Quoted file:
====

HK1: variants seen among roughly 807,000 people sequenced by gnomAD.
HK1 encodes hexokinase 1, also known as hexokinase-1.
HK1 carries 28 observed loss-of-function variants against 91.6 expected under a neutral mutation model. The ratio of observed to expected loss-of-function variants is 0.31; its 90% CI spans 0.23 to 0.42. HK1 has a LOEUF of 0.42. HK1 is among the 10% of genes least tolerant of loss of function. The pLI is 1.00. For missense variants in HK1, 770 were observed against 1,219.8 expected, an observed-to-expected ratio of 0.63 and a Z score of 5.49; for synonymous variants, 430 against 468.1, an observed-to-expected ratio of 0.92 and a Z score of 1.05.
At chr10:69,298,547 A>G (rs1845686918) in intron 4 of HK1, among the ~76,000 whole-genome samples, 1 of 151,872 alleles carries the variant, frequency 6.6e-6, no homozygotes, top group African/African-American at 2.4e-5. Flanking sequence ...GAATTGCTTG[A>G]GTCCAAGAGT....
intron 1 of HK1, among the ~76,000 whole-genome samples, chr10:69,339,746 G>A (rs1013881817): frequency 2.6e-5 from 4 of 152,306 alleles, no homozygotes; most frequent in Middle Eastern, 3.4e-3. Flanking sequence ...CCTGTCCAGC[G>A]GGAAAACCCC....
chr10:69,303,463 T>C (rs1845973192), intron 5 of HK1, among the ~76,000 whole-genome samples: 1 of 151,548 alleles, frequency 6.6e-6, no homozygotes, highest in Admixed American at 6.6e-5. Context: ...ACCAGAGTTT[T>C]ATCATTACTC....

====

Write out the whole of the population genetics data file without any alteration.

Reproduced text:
HK1: variants seen among roughly 807,000 people sequenced by gnomAD.
HK1 encodes hexokinase 1, also known as hexokinase-1.
HK1 carries 28 observed loss-of-function variants against 91.6 expected under a neutral mutation model. The ratio of observed to expected loss-of-function variants is 0.31; its 90% CI spans 0.23 to 0.42. HK1 has a LOEUF of 0.42. HK1 is among the 10% of genes least tolerant of loss of function. The pLI is 1.00. For missense variants in HK1, 770 were observed against 1,219.8 expected, an observed-to-expected ratio of 0.63 and a Z score of 5.49; for synonymous variants, 430 against 468.1, an observed-to-expected ratio of 0.92 and a Z score of 1.05.
At chr10:69,298,547 A>G (rs1845686918) in intron 4 of HK1, among the ~76,000 whole-genome samples, 1 of 151,872 alleles carries the variant, frequency 6.6e-6, no homozygotes, top group African/African-American at 2.4e-5. Flanking sequence ...GAATTGCTTG[A>G]GTCCAAGAGT....
intron 1 of HK1, among the ~76,000 whole-genome samples, chr10:69,339,746 G>A (rs1013881817): frequency 2.6e-5 from 4 of 152,306 alleles, no homozygotes; most frequent in Middle Eastern, 3.4e-3. Flanking sequence ...CCTGTCCAGC[G>A]GGAAAACCCC....
chr10:69,303,463 T>C (rs1845973192), intron 5 of HK1, among the ~76,000 whole-genome samples: 1 of 151,548 alleles, frequency 6.6e-6, no homozygotes, highest in Admixed American at 6.6e-5. Context: ...ACCAGAGTTT[T>C]ATCATTACTC....